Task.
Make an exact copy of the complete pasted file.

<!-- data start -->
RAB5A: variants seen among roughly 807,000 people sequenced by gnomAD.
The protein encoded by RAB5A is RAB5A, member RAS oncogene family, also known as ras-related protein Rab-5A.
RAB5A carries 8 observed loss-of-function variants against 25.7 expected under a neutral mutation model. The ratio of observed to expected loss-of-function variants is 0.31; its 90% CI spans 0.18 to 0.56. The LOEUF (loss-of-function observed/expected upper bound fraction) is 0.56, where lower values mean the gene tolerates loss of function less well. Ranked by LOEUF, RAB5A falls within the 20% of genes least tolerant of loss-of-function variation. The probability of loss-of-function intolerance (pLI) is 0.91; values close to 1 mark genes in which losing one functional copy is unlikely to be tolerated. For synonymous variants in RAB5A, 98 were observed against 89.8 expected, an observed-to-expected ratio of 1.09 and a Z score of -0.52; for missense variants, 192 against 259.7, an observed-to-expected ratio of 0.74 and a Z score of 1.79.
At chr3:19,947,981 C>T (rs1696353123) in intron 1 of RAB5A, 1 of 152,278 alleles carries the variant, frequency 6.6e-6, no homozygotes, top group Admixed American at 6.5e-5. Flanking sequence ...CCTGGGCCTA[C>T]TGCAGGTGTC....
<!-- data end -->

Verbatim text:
RAB5A: variants seen among roughly 807,000 people sequenced by gnomAD.
The protein encoded by RAB5A is RAB5A, member RAS oncogene family, also known as ras-related protein Rab-5A.
RAB5A carries 8 observed loss-of-function variants against 25.7 expected under a neutral mutation model. The ratio of observed to expected loss-of-function variants is 0.31; its 90% CI spans 0.18 to 0.56. The LOEUF (loss-of-function observed/expected upper bound fraction) is 0.56, where lower values mean the gene tolerates loss of function less well. Ranked by LOEUF, RAB5A falls within the 20% of genes least tolerant of loss-of-function variation. The probability of loss-of-function intolerance (pLI) is 0.91; values close to 1 mark genes in which losing one functional copy is unlikely to be tolerated. For synonymous variants in RAB5A, 98 were observed against 89.8 expected, an observed-to-expected ratio of 1.09 and a Z score of -0.52; for missense variants, 192 against 259.7, an observed-to-expected ratio of 0.74 and a Z score of 1.79.
At chr3:19,947,981 C>T (rs1696353123) in intron 1 of RAB5A, 1 of 152,278 alleles carries the variant, frequency 6.6e-6, no homozygotes, top group Admixed American at 6.5e-5. Flanking sequence ...CCTGGGCCTA[C>T]TGCAGGTGTC....